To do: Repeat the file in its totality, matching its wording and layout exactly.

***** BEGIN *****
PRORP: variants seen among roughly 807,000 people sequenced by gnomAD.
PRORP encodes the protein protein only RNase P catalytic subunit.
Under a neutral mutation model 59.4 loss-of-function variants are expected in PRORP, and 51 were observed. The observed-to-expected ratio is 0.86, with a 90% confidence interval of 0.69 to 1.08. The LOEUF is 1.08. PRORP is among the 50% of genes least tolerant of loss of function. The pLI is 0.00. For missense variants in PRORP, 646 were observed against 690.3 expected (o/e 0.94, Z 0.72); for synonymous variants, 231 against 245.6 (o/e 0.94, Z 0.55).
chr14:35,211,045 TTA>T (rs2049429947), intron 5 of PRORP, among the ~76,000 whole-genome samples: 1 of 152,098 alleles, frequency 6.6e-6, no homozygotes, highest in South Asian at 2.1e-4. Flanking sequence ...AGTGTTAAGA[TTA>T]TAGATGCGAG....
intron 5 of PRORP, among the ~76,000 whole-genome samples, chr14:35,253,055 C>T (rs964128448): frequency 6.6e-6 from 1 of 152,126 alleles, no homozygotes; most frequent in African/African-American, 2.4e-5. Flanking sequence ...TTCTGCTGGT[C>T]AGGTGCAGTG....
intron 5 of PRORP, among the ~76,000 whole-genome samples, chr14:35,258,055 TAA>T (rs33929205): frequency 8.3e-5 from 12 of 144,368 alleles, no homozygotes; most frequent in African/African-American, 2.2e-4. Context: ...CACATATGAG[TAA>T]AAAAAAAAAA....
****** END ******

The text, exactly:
PRORP: variants seen among roughly 807,000 people sequenced by gnomAD.
PRORP encodes the protein protein only RNase P catalytic subunit.
Under a neutral mutation model 59.4 loss-of-function variants are expected in PRORP, and 51 were observed. The observed-to-expected ratio is 0.86, with a 90% confidence interval of 0.69 to 1.08. The LOEUF is 1.08. PRORP is among the 50% of genes least tolerant of loss of function. The pLI is 0.00. For missense variants in PRORP, 646 were observed against 690.3 expected (o/e 0.94, Z 0.72); for synonymous variants, 231 against 245.6 (o/e 0.94, Z 0.55).
chr14:35,211,045 TTA>T (rs2049429947), intron 5 of PRORP, among the ~76,000 whole-genome samples: 1 of 152,098 alleles, frequency 6.6e-6, no homozygotes, highest in South Asian at 2.1e-4. Flanking sequence ...AGTGTTAAGA[TTA>T]TAGATGCGAG....
intron 5 of PRORP, among the ~76,000 whole-genome samples, chr14:35,253,055 C>T (rs964128448): frequency 6.6e-6 from 1 of 152,126 alleles, no homozygotes; most frequent in African/African-American, 2.4e-5. Flanking sequence ...TTCTGCTGGT[C>T]AGGTGCAGTG....
intron 5 of PRORP, among the ~76,000 whole-genome samples, chr14:35,258,055 TAA>T (rs33929205): frequency 8.3e-5 from 12 of 144,368 alleles, no homozygotes; most frequent in African/African-American, 2.2e-4. Context: ...CACATATGAG[TAA>T]AAAAAAAAAA....